NLA welcomes High Court decision on unfair renewal fees

In passing judgment, Mr Justice Mann stated that he found "all the relevant provisions to be unfair for the purposes of the Regulations". He also said that "the renewal commission is severely camouflaged".

In a statement, the Office of Fair Trading (OFT) has said it "expects the letting industry to comply with this ruling, and will take the necessary steps to ensure this where appropriate."

It went on to say that "the charging of repeat renewal commission represented a ‘trap’ or a ‘timebomb’ for consumers.”

NLA Vice Chairman John Socha said: "The NLA has been campaigning on these unfair fees for almost two years. This sends a direct message to letting agents that this lack of transparency must stop.

"Contracts must be clear with provisions which are upfront and ‘plain and intelligible’.

"Mr Justice Mann has not ruled against renewal commissions per se, but has said – in no uncertain terms – that they must not be hidden in the small print. This ruling is most definitely a victory for the NLA and for landlords throughout the country."

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One thought on “NLA welcomes High Court decision on unfair renewal fees

  1. Andrew

    I have read this judgment right the way through. What it says is that, if an agent is going to charge a renewal fee, or rather a fee throughout the life of the Tenancy then this must be made very clear in the Agent’s T’s and C’s. Foxtons were criticised for burying this fact in the small print, not for making the charge in the first place. The judgment also specifically excluded Landlords with more than two properties who the judge described as ‘professional’ and who therefore should be fully aware of these charges. As with so many of these situations this apparent short term victory may well come back to bite. all Agents have to make a reasonable profit, the income from these so called renewal fees contributes to this and if (and it is a big if) renewal fees were to be binned then initial fees would have to be increased to compensate which would hit many Landlords hard if their Tenant, as many do, leaves before the end of the first year.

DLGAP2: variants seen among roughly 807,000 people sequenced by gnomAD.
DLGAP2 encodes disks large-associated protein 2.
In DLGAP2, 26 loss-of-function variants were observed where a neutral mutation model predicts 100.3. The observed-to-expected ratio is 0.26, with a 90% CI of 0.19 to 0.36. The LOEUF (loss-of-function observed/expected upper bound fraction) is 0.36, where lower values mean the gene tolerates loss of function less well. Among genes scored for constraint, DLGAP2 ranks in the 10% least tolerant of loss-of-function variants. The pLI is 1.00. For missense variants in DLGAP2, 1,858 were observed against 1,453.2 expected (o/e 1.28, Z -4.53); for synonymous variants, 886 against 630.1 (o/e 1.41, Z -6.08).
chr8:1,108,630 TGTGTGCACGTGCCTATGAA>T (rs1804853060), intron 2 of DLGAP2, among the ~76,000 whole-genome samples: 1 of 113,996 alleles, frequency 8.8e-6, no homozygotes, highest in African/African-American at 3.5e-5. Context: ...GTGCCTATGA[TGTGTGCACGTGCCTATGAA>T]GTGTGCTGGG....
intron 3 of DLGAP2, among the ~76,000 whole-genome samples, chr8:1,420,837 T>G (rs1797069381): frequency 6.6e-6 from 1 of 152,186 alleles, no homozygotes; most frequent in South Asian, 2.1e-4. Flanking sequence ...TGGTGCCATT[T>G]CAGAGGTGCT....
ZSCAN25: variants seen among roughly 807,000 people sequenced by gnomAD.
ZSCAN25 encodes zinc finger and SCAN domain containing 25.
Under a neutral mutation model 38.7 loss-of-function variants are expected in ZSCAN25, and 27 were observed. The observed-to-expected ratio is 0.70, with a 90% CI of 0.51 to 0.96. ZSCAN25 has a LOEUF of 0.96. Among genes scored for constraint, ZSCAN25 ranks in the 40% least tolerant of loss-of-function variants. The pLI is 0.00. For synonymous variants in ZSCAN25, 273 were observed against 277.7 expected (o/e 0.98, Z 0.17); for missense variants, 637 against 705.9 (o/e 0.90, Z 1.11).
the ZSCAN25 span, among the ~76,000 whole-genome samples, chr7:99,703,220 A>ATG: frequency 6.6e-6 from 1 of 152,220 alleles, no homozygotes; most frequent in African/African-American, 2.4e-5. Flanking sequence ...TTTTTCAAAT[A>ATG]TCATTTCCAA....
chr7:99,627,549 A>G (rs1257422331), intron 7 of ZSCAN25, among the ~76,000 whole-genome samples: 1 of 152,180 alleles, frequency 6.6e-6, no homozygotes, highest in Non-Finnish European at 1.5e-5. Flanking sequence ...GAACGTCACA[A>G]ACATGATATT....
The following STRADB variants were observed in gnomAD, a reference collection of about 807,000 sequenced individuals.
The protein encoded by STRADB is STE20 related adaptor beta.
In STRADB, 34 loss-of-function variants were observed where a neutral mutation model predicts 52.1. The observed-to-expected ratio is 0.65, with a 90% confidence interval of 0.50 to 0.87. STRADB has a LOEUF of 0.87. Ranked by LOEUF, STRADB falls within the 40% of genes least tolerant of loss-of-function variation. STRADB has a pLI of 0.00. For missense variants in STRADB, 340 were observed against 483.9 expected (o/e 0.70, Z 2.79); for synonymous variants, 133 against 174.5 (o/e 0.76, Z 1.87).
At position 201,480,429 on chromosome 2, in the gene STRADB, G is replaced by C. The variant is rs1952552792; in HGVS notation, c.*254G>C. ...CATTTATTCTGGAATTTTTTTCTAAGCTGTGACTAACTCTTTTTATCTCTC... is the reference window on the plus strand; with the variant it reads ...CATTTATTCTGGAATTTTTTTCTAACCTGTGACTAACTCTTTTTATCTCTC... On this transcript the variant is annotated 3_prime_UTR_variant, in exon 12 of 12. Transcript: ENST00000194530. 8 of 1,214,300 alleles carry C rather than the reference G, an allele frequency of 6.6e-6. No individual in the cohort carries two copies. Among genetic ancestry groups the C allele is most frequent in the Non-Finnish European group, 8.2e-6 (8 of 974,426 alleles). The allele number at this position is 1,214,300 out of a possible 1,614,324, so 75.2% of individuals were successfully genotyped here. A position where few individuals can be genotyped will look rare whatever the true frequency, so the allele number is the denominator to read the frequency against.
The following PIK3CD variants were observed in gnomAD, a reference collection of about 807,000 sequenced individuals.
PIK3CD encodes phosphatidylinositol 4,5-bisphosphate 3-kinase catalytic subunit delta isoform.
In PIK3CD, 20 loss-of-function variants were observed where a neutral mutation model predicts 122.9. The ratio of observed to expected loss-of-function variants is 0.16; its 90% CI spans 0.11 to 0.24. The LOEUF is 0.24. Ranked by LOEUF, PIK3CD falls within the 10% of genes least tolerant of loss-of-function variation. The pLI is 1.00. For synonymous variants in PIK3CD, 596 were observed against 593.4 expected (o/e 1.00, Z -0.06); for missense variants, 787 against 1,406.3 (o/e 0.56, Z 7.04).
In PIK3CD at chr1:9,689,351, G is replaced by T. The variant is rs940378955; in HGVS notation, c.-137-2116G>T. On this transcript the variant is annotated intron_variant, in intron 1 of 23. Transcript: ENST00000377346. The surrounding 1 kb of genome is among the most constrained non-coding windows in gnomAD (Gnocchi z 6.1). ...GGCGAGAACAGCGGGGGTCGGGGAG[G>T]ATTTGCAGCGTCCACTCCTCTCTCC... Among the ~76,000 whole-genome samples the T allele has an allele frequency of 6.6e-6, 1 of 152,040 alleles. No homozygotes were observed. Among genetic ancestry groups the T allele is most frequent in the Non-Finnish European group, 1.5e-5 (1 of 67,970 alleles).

Most agents, ourselves included, either collect rent or Manage the property, in which case our fees are collected quarterly (sometime monthly) in advance. Again it is clear that we continue to provide a service and surely no one is expecting us to do that for nothing. I’ll take a bet that words will change but very little else.

    As for reports in some of the Press and some of them in the what might be called ‘serious’ press that Landlords will be able to reclaim millions in fees charged in the past again the judgment specifically rules this out and would, in any case, only result in many Agents going out of business in what are, as everyone knows, not the easiest of times for us all.

    Letting agents generally do a good job for their clients, nothing is perfect as we all know, but the fact that so many Landlords use an Agent to let their property must surely mean that they are, largely, happy to pay their fees and most realise that the so called ‘renewal fee’ is much cheaper than a void and the expense of preparing a property for a new Tenant. Another hollow victory so typical of these recent time

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